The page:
Maps play a central role in many dashboards. Not only are they often the most effective way to display your geographic information, but their operational layers can also be used by other data visualizations in the dashboard to create interesting, intuitive and compelling information products. Map elements display web maps authored in applications such as your ArcGIS organization's Map Viewer. See Create web maps for dashboards for best practices.
A dashboard can contain multiple map elements, or none at all. When it doesn't, you can create the dashboard entirely with web layers available to you. See Understand data sources for details.
The map element comes with tools that can be toggled on or off at design time. Below are descriptions of these tools:
- Default Extent and Bookmarks—Provides preexisting bookmarks in your map, and a way to return to the map's initial extent.
- Legend—Displays the map's legend.
- Layer Visibility—Enables you to toggle operational layers on or off.
- Basemap—Allows dashboard users to change the basemap at runtime.
- Zoom In/Out—Lets you easily zoom in or out of a map.
A map and its operational layers can be important in interactive dashboards. Both can be either the source or target of an action. The following are some examples of the many possibilities:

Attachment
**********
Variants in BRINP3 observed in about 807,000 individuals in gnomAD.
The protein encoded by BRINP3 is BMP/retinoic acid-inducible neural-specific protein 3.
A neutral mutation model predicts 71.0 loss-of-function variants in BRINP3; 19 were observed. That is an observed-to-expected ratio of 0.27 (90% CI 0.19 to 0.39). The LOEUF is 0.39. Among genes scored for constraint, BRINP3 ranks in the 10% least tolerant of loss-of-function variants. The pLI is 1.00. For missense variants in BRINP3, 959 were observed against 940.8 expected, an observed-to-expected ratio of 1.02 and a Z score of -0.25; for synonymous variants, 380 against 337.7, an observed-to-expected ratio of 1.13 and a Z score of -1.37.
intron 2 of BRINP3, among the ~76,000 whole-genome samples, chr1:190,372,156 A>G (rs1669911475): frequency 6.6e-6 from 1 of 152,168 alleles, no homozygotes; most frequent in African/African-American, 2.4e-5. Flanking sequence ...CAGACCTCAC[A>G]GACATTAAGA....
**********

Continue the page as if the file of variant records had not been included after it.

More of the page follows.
- Map as the source of an action—A change in the map's extent filters the contents of one or more other dashboard elements. This can even change the extent of another map element.
- Map as the target of an action—A selection on a dashboard element such as a list or category selector triggers a map to pan or zoom to the selected feature.
- Operational layer as the source of an action—Selecting one or more features in an operational layer filters the contents of one or more other dashboard elements. This can also change the extent of another map element.
- Operational layer as the target of an action—A selection on an element such as a list or category selector filters the operational layer to just show what was selected.